Article makes American Dietetic Association newswire…Nutrition: RD credentials signify specialized training
My latest News-Press article made the ADA’s news service! Be sure to read the article below on the significance of RD credentials. You can also link to the ADA’s Web site at www.eatright.org. They have the very latest news on food and nutrition. With so much information on the Web, it’s important to find credible sources. The ADA is a valuable resource for both health care professionals and consumers.
There is so much emphasis on the importance of food and nutrition that it is understandable why consumers may be confused. Who are you getting your nutrition advice from? Your gym? Magazines? A weight-loss program? The Web?
All of these sources can offer valuable information; however, you need to know that some of the advice you will receive from them is not necessarily accurate. New diet recommendations constantly emerge, making it sometimes difficult to distinguish fact from fiction. You should be especially careful if anyone offers you quick fixes that seem too good to be true.
If you are confused about the science of nutrition and weight loss, or have been receiving conflicting advice and not seeing the results you want, consider making an appointment with a registered dietitian, a specialist in the study of nutrition, who can assist you with planning a diet to promote a healthy lifestyle.
Certified by the state, RDs undertake the practical application of nutrition to prevent nutrition-related problems.
They are also involved in the diagnoses and dietary treatment of disease.
Dietitians in many settings work with people who have special dietary needs, inform the general public about nutrition, give unbiased advice, evaluate and improve treatments and educate clients, doctors, nurses, health professionals and community groups.
Sometimes, RDs will refer to themselves as “nutritionists,” because it is a term the public is familiar with. However, not all “nutritionists” are necessarily RDs.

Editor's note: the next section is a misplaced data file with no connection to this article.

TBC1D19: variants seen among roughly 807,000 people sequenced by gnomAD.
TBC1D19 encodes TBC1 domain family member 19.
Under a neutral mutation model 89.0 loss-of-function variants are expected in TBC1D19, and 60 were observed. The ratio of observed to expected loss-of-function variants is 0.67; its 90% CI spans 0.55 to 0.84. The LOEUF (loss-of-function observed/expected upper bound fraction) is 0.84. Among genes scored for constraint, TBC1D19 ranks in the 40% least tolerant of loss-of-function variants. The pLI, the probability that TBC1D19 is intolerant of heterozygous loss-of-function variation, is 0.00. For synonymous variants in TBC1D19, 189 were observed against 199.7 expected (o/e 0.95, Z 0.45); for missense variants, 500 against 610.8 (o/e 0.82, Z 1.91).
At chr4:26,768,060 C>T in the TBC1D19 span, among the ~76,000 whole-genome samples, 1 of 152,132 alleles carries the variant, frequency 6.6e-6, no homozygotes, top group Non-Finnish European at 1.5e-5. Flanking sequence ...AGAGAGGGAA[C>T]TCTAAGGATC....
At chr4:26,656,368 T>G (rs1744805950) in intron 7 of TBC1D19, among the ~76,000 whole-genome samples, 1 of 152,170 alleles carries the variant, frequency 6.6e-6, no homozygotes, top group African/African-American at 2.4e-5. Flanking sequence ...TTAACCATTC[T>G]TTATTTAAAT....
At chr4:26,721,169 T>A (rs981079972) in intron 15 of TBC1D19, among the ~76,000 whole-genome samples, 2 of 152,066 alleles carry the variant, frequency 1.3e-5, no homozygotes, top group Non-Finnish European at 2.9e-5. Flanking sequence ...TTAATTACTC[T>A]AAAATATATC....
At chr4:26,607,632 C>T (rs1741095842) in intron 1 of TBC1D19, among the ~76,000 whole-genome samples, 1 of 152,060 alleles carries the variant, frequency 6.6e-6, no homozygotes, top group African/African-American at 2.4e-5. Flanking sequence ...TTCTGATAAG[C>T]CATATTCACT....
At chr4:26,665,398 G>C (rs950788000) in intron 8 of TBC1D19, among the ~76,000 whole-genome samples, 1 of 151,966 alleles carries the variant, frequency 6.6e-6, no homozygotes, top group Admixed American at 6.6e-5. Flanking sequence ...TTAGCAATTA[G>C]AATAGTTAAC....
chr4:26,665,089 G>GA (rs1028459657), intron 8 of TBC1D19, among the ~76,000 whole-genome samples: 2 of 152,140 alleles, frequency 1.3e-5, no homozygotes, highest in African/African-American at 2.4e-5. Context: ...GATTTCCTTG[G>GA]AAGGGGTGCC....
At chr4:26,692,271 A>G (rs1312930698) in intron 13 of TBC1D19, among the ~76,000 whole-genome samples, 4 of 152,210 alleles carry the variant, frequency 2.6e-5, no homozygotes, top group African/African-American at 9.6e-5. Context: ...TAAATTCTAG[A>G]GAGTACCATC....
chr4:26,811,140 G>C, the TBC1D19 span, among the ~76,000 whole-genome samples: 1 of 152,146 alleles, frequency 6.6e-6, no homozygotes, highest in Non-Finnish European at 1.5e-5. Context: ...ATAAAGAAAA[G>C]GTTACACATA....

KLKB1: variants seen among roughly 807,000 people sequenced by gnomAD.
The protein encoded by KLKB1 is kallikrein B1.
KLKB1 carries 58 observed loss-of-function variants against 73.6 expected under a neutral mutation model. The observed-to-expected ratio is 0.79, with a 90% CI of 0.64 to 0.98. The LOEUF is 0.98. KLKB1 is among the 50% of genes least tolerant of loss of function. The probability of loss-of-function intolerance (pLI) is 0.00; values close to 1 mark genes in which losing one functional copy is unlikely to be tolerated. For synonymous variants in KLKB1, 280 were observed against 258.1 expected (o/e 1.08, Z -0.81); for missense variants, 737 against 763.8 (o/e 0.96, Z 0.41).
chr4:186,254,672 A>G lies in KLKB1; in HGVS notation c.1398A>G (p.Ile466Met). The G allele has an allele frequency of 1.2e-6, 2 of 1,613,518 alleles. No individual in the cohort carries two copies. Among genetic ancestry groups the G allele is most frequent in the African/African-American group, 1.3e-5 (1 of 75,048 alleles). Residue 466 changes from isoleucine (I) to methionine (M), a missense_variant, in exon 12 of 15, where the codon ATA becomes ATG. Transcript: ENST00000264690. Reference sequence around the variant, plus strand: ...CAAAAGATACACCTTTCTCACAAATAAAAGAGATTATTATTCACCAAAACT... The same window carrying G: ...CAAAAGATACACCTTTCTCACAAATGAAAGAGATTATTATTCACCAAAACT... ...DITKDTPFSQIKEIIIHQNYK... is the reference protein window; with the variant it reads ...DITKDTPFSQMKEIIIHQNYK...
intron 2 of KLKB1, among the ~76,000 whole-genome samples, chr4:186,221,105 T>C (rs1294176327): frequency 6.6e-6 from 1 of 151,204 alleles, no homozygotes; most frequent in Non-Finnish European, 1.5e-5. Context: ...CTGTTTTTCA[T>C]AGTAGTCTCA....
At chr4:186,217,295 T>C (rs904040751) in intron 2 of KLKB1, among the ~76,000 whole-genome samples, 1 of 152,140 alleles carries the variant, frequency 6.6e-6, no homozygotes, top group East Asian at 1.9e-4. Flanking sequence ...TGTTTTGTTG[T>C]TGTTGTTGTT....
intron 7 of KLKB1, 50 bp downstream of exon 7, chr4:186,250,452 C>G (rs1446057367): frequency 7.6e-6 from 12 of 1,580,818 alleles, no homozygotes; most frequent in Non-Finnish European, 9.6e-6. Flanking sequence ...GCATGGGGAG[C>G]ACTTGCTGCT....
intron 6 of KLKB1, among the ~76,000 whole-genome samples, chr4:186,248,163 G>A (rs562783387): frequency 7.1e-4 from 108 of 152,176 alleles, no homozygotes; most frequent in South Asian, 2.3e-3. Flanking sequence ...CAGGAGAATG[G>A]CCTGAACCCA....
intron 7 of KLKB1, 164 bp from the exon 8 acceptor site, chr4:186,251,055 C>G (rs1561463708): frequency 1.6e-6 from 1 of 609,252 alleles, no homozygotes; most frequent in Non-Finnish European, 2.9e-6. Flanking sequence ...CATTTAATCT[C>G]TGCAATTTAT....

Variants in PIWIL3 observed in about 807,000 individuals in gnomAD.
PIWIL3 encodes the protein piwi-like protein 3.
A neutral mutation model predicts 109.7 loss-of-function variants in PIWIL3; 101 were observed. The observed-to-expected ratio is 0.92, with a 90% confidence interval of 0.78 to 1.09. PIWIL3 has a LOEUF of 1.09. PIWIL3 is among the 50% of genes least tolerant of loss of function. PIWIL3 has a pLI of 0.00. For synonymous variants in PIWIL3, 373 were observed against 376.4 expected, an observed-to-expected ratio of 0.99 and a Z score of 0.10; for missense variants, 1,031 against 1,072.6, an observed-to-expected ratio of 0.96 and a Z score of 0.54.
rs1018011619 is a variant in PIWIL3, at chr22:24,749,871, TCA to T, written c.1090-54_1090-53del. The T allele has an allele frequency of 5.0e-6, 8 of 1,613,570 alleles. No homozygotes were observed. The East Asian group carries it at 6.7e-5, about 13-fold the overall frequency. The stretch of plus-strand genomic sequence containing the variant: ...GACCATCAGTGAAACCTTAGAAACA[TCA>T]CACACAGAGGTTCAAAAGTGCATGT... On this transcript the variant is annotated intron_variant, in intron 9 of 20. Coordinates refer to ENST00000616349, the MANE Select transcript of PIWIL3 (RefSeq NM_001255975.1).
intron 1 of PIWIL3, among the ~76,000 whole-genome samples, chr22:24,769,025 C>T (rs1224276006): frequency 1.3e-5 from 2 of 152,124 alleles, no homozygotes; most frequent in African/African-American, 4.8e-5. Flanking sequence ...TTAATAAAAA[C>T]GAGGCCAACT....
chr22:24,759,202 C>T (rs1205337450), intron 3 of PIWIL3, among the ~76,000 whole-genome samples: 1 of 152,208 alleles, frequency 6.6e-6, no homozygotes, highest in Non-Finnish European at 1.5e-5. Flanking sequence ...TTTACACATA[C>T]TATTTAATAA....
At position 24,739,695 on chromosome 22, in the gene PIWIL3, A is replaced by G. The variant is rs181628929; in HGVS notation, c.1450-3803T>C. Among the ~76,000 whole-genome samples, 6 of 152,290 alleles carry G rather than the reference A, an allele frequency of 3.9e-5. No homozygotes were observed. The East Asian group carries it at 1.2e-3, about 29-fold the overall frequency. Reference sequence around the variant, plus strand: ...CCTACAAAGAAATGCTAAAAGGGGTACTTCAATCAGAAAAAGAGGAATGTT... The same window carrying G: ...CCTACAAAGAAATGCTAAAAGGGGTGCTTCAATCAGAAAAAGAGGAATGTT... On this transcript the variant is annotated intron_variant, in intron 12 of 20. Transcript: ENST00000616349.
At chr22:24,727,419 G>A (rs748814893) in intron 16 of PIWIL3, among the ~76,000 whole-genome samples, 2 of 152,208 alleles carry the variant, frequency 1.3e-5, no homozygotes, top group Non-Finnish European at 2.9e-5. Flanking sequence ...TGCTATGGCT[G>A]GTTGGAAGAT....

Make sure the person you choose to see has RD credentials to ensure that person has received the necessary specialized accredited training.
That training includes classes in food and nutrition sciences, food service systems management, business, economics, computer science, culinary arts, sociology, chemistry, communications, education, biochemistry, anatomy and physiology, microbiology, pharmacology and psychology.
To make the transition from dietitian to RD requires the completion of an internship and the successful passing of a national board exam.
Why should you consider a dietitian instead of relying on the trainers at your local gym or your monthly fitness magazine? Dietitians have special skills in translating scientific and medical decisions related to food and health to inform the general public. They also play an important role in health promotion.
A dietitian will work with your doctor to assist you in fine-tuning your medications, meals and exercise requirements. Dietitians also will be able to assist you with reading food labels, and provide cooking and grocery tips.
Elaine Hastings is a registered dietitian of Associates in Nutrition Therapy in Fort Myers. She has been practicing for 15 years and was recently named president of the Southwest Florida Dietetic Association. A “nutrition entrepreneur,” she works contractually and is also a writer, motivational speaker, product researcher, counselor, sports-nutritionist and eating disorder advocate. Continue to read her series on Tuesdays. You can contact Elaine at www.AssociatesinNutrition.com, Call her at 239-275-2132 or Email her at Elaine@associatesinnutrition.com